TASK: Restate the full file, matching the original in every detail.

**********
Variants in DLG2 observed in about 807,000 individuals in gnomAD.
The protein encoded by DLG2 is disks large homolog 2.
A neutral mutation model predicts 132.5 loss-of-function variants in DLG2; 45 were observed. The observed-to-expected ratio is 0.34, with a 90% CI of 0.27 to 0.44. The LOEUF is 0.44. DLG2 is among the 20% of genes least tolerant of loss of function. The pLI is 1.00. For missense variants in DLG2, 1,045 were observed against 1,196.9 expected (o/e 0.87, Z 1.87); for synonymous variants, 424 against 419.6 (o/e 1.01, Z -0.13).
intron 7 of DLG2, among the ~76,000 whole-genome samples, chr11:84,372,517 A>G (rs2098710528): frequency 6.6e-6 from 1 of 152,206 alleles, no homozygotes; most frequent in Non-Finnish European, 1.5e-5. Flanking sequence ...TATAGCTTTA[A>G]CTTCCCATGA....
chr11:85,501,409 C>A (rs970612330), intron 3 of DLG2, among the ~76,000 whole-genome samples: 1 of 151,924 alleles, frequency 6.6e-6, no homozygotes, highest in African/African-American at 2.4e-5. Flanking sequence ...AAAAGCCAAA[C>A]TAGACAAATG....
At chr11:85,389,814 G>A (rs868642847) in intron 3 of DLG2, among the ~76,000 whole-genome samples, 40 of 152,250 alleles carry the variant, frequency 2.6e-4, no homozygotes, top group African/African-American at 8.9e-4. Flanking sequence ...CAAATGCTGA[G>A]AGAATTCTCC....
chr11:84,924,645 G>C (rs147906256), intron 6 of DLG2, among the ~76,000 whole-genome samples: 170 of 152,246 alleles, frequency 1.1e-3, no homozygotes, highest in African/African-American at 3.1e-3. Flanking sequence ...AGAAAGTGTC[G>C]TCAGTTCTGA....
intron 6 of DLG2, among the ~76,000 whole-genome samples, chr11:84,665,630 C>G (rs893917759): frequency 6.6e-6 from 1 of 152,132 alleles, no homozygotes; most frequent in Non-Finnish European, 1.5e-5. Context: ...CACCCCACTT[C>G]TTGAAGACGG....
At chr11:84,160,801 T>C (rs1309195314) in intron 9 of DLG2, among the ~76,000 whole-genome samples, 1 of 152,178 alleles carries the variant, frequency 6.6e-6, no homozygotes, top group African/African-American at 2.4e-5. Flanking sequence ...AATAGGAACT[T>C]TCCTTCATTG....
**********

Variants in DLG2 observed in about 807,000 individuals in gnomAD.
The protein encoded by DLG2 is disks large homolog 2.
A neutral mutation model predicts 132.5 loss-of-function variants in DLG2; 45 were observed. The observed-to-expected ratio is 0.34, with a 90% CI of 0.27 to 0.44. The LOEUF is 0.44. DLG2 is among the 20% of genes least tolerant of loss of function. The pLI is 1.00. For missense variants in DLG2, 1,045 were observed against 1,196.9 expected (o/e 0.87, Z 1.87); for synonymous variants, 424 against 419.6 (o/e 1.01, Z -0.13).
intron 7 of DLG2, among the ~76,000 whole-genome samples, chr11:84,372,517 A>G (rs2098710528): frequency 6.6e-6 from 1 of 152,206 alleles, no homozygotes; most frequent in Non-Finnish European, 1.5e-5. Flanking sequence ...TATAGCTTTA[A>G]CTTCCCATGA....
chr11:85,501,409 C>A (rs970612330), intron 3 of DLG2, among the ~76,000 whole-genome samples: 1 of 151,924 alleles, frequency 6.6e-6, no homozygotes, highest in African/African-American at 2.4e-5. Flanking sequence ...AAAAGCCAAA[C>A]TAGACAAATG....
At chr11:85,389,814 G>A (rs868642847) in intron 3 of DLG2, among the ~76,000 whole-genome samples, 40 of 152,250 alleles carry the variant, frequency 2.6e-4, no homozygotes, top group African/African-American at 8.9e-4. Flanking sequence ...CAAATGCTGA[G>A]AGAATTCTCC....
chr11:84,924,645 G>C (rs147906256), intron 6 of DLG2, among the ~76,000 whole-genome samples: 170 of 152,246 alleles, frequency 1.1e-3, no homozygotes, highest in African/African-American at 3.1e-3. Flanking sequence ...AGAAAGTGTC[G>C]TCAGTTCTGA....
intron 6 of DLG2, among the ~76,000 whole-genome samples, chr11:84,665,630 C>G (rs893917759): frequency 6.6e-6 from 1 of 152,132 alleles, no homozygotes; most frequent in Non-Finnish European, 1.5e-5. Context: ...CACCCCACTT[C>G]TTGAAGACGG....
At chr11:84,160,801 T>C (rs1309195314) in intron 9 of DLG2, among the ~76,000 whole-genome samples, 1 of 152,178 alleles carries the variant, frequency 6.6e-6, no homozygotes, top group African/African-American at 2.4e-5. Flanking sequence ...AATAGGAACT[T>C]TCCTTCATTG....